EDF says protests could hit French coal power plants until 2019

PARIS (Reuters) - French utility EDF EDF.PA said on Wednesday that protests could hit its coal power plants in France until the end of June 2019, due to the legislative process that would lead to the adoption of France's long-term energy policy.

FILE PHOTO: The logo of Electricite de France SA (EDF) is pictured on the facade of a building in Paris, France, August 5, 2018. Picture taken August 5, 2018. REUTERS/Regis Duvignau/File Photo

The French government is expected to present a draft of the plan at the end of the month.

The plan will likely lay out when France will phase out its remaining coal power generators, reduce its dependence on nuclear power and boost renewable sources in its energy mix.

President Emmanuel Macron has promised to shut down France’s coal power plants by the end of 2021.

EDF said the protests could hit its Cordemais 4 and Cordemais 5 coal-fired plants, which each have 580 megawatts (MW) capacity, and the 580 MW Le Havre 4 unit until the end of the first half of 2019.

France, which depends on nuclear power for over 75 percent of its electricity needs, has shut down most of its coal power plants. Only five units with an installed capacity of around 3,000 MW are currently online.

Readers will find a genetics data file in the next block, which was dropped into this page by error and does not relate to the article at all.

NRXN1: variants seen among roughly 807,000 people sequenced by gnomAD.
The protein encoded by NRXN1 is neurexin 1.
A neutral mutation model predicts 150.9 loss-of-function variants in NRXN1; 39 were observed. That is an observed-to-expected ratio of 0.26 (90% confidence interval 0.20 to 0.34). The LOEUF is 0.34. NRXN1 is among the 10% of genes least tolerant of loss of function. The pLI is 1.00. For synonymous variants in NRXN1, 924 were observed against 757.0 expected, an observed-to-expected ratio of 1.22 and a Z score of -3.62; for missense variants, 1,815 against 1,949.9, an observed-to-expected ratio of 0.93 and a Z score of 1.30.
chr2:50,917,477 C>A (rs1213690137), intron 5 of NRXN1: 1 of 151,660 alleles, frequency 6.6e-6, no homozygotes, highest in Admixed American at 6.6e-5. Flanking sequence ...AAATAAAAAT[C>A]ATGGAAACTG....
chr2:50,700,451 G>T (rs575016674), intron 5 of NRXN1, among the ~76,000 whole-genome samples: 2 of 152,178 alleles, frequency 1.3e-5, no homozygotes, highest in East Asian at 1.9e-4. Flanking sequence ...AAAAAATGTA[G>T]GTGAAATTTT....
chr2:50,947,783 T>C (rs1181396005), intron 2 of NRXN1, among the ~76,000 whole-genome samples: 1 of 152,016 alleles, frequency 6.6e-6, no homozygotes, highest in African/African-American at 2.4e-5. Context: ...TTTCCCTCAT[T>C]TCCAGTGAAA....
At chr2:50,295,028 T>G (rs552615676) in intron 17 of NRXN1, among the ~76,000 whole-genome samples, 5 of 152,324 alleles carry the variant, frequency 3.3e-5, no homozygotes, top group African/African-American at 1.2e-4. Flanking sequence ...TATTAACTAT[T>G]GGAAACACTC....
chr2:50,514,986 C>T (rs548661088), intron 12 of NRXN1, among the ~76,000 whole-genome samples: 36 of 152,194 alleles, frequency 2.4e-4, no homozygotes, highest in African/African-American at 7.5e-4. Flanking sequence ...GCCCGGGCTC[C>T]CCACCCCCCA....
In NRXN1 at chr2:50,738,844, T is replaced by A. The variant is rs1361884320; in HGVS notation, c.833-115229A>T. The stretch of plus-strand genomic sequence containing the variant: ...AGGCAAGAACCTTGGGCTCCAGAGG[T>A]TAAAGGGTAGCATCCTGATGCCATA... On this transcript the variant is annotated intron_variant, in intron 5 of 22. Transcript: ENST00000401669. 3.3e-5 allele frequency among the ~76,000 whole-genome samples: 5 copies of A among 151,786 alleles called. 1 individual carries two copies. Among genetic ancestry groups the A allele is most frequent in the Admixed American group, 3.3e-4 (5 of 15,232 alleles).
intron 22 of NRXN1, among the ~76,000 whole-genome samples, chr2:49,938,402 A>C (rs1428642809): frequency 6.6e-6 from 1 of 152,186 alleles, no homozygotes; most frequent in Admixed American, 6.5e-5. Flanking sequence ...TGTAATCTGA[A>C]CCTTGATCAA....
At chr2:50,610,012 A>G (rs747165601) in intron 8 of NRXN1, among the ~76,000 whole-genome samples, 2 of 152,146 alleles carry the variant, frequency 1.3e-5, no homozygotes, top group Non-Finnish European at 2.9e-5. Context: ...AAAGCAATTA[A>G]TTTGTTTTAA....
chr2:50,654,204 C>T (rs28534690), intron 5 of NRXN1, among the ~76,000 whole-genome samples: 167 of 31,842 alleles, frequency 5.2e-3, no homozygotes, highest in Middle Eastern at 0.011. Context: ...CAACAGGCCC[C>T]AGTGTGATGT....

Francois Brottes, head of French electricity grid operator RTE, reiterated separately during a wind energy conference on Wednesday that France faces supply risks if the government pushed ahead with the shutdown without adding new nuclear generators or increasing renewables capacity.

France’s oldest nuclear power plant in Fessenheim is expected to halt production by 2022, while the start-up of a new generation EPR nuclear reactor in Flamanville, has been plagued by technical delays and is now expected to start production in the second quarter of 2020.

RTE warned last November that France risks power supply shortages after 2020 if it moved ahead with plans to simultaneously shut down four 40-year-old nuclear reactors and all its coal-fired plants.

“What we now have as solar and wind power generation capacity, does not compensate for the potential loss of the coal power plants,” Brottes said.

“We are not there yet,” he added.

Reporting by Bate Felix; Editing by Sudip Kar-Gupta